For most studios, the optimal short term strategy is to wait and see if Unity is forced to back down. Retroactively altering the engine license for shipped games certainly doesn’t sound legal.
While waiting it out may be pragmatic for existing projects, it doesn’t save you from the nightmare of having your entire business beholden to the whims of Unity Technologies™.
You could decide to switch engines for future games. Many people will go to Unreal. I trust Epic more than I trust Unity, in particular because they give everyone source access, but if you’re switching anyway I recommend looking into the free and open source engine Godot which is MIT licensed. Info on console support here.
There is, however, another option. The nuclear option.
You could write your own game engine.
Is writing an engine even viable anymore? Why put in the effort?
Other developers are often surprised that I wrote a custom engine for Way of Rhea, but they shouldn’t be. I say this without any smugness: I wrote my own engine in part to avoid the exact sort of nightmare that all Unity users are facing right now.
If it’s doable, why doesn’t anyone do it?
Well, they do:
- Don’t Starve
- No Man’s Sky
- Prison Architect
- The Witness
- Thimbleweed Park
- Slay The Spire
- Papers Please
- Stardew Valley
- Darkest Dungeon
Making a custom engine is less common than using Unity because it’s more work. It’s not the right choice for everyone. But for a strong programmer, or a team of strong programmers, it’s perfectly viable.
If you write your own engine, you control your own destiny. Nobody can take it away from you. Nobody can retroactively change the pricing model. You can fix your own bugs. Support platforms and features you care about. Etc.
And, if your engine finds a niche, you can help everyone else out by open sourcing it and turning it into its own business, preferably a non-profit.
Don’t start there though. Make it work for you first.
Advice on engine design
Unity attempts to be an engine for every genre, and every team. Building an engine like this is a massive undertaking. If you decide to build an engine, don’t try to build Unity. Build an engine for you.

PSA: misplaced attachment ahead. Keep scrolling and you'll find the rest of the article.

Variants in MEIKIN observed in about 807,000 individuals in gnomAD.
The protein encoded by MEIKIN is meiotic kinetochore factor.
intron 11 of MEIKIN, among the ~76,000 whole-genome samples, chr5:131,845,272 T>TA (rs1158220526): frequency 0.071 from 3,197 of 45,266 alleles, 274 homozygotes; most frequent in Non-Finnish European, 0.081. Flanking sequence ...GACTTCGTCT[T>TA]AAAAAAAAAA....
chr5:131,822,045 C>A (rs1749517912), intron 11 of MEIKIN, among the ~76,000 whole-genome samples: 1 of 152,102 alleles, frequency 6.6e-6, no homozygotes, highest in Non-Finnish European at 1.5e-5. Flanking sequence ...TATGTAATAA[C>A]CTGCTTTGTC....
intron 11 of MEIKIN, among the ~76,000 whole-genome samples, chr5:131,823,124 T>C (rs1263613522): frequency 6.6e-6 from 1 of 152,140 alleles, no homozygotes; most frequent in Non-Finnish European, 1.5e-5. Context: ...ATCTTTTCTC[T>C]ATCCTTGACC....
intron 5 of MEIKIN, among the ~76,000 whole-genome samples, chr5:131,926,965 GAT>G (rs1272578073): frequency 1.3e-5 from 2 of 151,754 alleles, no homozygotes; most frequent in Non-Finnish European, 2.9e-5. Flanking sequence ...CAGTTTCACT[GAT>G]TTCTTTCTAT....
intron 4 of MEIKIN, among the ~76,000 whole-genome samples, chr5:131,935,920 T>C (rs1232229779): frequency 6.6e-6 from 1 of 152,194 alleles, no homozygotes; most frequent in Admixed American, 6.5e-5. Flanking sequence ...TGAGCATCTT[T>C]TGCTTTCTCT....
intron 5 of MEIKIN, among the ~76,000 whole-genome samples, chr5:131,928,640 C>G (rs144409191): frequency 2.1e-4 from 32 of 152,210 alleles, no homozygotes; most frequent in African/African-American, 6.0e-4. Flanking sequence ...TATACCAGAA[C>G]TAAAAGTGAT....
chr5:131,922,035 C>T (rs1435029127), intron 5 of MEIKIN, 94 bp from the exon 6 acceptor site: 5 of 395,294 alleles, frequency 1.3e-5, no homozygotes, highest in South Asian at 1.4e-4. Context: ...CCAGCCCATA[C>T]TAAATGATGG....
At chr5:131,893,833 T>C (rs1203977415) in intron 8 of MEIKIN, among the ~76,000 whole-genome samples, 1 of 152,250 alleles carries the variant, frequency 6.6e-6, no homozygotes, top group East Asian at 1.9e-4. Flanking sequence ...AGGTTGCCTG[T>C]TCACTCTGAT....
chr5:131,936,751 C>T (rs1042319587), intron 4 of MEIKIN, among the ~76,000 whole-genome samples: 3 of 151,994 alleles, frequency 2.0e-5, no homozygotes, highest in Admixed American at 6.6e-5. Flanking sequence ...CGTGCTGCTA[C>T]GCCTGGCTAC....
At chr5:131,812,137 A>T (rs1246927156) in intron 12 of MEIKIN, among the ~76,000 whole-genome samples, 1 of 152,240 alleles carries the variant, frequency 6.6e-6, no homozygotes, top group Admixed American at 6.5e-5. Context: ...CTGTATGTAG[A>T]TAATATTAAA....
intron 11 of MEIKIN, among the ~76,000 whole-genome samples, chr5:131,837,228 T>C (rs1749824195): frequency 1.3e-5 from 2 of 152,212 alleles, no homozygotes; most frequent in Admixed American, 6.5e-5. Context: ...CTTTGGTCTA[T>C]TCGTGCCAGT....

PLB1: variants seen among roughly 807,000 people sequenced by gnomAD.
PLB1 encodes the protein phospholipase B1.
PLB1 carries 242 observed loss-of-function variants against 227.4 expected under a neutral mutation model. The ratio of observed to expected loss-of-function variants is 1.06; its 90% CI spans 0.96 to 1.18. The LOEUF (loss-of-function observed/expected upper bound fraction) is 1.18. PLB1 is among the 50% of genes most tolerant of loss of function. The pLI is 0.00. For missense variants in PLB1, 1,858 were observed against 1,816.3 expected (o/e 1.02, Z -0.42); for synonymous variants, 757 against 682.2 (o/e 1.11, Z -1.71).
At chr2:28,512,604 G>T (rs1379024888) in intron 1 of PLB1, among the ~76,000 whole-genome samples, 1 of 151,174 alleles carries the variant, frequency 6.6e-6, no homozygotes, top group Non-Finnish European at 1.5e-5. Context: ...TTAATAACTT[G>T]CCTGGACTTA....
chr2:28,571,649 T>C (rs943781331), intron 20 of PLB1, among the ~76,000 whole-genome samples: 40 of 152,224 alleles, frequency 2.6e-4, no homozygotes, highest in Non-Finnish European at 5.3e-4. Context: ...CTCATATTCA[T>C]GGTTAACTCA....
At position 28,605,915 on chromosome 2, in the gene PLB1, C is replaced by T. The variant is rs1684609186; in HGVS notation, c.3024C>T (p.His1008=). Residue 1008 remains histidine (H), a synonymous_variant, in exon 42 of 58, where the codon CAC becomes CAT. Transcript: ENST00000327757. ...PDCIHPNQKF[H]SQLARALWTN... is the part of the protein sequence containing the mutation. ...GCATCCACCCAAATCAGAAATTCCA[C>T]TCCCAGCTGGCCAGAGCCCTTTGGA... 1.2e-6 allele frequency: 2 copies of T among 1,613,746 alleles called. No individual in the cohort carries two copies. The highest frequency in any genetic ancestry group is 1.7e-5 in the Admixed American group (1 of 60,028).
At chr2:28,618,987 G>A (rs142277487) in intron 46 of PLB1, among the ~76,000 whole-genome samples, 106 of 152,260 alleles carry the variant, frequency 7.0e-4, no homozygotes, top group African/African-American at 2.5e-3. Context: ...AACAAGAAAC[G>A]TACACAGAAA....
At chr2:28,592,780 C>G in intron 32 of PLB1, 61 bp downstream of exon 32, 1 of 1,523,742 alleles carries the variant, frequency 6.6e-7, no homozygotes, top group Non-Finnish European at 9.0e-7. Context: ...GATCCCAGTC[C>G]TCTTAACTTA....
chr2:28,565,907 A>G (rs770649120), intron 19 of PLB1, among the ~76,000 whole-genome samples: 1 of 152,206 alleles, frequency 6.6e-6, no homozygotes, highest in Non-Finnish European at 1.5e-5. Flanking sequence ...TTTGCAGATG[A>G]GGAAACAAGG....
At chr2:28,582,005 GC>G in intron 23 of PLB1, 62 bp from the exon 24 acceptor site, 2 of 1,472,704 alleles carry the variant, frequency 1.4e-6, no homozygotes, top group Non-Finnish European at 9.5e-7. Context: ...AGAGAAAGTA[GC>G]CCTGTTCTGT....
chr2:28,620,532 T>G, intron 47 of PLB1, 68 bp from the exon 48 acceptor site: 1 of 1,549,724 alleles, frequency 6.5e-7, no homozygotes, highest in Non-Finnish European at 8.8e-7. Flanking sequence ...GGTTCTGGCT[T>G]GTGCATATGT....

If your game is graphically intensive, learn a low level language (Zig, Rust, C, C++.) Learn either a graphics API (OpenGL, Vulkan, DirectX, WebGPU), a wrapper (V-EZ, sokol), or a graphics framework (Ogre, etc.).
If your game is less performance hungry, write the engine in whatever language you’re most comfortable with. Consider frameworks and libraries like MonoGame and RayLib. Leverage middleware, preferably FOSS middleware. You don’t have to write the engine from scratch.
Learn from others. Don’t overengineer, but don’t underinvest in your tools either, your tools are what help you iterate, iteration is what makes your game fun. Employ patterns that have been shown to be productive.
Here are a few generally applicable links:
Here are some resources on lower level stuff I’ve found useful, if you go that route:
- Game Engine Architecture
- Foundations of Game Engine Development
- Archive of the Our Machinery blog
- Handmade Hero
- Game Engine Physics Development
- Learn OpenGL
- Vulkan Tutorial
I hope this post inspires at least one person to roll their own tech. Let’s escape the nightmare together.